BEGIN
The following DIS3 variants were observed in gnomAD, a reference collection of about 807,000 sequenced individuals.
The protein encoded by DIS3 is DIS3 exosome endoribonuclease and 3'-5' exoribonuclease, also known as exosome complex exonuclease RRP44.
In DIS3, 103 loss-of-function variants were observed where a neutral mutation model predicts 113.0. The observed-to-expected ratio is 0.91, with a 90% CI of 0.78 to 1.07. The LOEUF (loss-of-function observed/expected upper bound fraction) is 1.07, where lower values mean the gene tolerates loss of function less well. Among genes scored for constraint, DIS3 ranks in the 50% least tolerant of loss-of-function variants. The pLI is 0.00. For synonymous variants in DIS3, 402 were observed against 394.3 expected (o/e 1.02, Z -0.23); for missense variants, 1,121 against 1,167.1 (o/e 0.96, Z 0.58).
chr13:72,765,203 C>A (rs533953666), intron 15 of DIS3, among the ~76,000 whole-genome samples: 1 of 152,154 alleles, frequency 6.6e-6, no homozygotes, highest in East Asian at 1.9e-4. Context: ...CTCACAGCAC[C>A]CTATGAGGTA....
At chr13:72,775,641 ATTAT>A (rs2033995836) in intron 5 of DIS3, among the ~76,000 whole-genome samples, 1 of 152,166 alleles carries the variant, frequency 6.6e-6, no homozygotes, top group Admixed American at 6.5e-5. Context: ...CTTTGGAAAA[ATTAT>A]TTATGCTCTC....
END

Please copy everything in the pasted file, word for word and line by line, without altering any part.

The following DIS3 variants were observed in gnomAD, a reference collection of about 807,000 sequenced individuals.
The protein encoded by DIS3 is DIS3 exosome endoribonuclease and 3'-5' exoribonuclease, also known as exosome complex exonuclease RRP44.
In DIS3, 103 loss-of-function variants were observed where a neutral mutation model predicts 113.0. The observed-to-expected ratio is 0.91, with a 90% CI of 0.78 to 1.07. The LOEUF (loss-of-function observed/expected upper bound fraction) is 1.07, where lower values mean the gene tolerates loss of function less well. Among genes scored for constraint, DIS3 ranks in the 50% least tolerant of loss-of-function variants. The pLI is 0.00. For synonymous variants in DIS3, 402 were observed against 394.3 expected (o/e 1.02, Z -0.23); for missense variants, 1,121 against 1,167.1 (o/e 0.96, Z 0.58).
chr13:72,765,203 C>A (rs533953666), intron 15 of DIS3, among the ~76,000 whole-genome samples: 1 of 152,154 alleles, frequency 6.6e-6, no homozygotes, highest in East Asian at 1.9e-4. Context: ...CTCACAGCAC[C>A]CTATGAGGTA....
At chr13:72,775,641 ATTAT>A (rs2033995836) in intron 5 of DIS3, among the ~76,000 whole-genome samples, 1 of 152,166 alleles carries the variant, frequency 6.6e-6, no homozygotes, top group Admixed American at 6.5e-5. Context: ...CTTTGGAAAA[ATTAT>A]TTATGCTCTC....